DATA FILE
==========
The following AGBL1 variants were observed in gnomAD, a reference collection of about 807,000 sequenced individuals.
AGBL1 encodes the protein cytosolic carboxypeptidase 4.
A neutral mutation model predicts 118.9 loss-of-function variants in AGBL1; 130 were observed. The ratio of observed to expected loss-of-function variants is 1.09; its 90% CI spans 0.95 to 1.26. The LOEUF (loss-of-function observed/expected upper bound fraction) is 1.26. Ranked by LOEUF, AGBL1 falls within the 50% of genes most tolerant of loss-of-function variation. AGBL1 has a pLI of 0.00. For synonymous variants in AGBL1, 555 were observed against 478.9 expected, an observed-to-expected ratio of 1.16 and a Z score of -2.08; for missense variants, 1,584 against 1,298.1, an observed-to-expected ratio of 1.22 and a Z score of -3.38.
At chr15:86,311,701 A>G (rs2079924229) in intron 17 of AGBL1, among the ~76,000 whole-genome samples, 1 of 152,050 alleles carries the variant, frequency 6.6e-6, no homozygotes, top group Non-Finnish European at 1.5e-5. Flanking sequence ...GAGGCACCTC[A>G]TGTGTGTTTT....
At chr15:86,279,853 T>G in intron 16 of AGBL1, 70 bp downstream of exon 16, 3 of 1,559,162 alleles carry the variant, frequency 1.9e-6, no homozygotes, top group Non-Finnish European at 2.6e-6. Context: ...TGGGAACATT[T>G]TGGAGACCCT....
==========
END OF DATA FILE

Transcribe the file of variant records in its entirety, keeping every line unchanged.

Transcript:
The following AGBL1 variants were observed in gnomAD, a reference collection of about 807,000 sequenced individuals.
AGBL1 encodes the protein cytosolic carboxypeptidase 4.
A neutral mutation model predicts 118.9 loss-of-function variants in AGBL1; 130 were observed. The ratio of observed to expected loss-of-function variants is 1.09; its 90% CI spans 0.95 to 1.26. The LOEUF (loss-of-function observed/expected upper bound fraction) is 1.26. Ranked by LOEUF, AGBL1 falls within the 50% of genes most tolerant of loss-of-function variation. AGBL1 has a pLI of 0.00. For synonymous variants in AGBL1, 555 were observed against 478.9 expected, an observed-to-expected ratio of 1.16 and a Z score of -2.08; for missense variants, 1,584 against 1,298.1, an observed-to-expected ratio of 1.22 and a Z score of -3.38.
At chr15:86,311,701 A>G (rs2079924229) in intron 17 of AGBL1, among the ~76,000 whole-genome samples, 1 of 152,050 alleles carries the variant, frequency 6.6e-6, no homozygotes, top group Non-Finnish European at 1.5e-5. Flanking sequence ...GAGGCACCTC[A>G]TGTGTGTTTT....
At chr15:86,279,853 T>G in intron 16 of AGBL1, 70 bp downstream of exon 16, 3 of 1,559,162 alleles carry the variant, frequency 1.9e-6, no homozygotes, top group Non-Finnish European at 2.6e-6. Context: ...TGGGAACATT[T>G]TGGAGACCCT....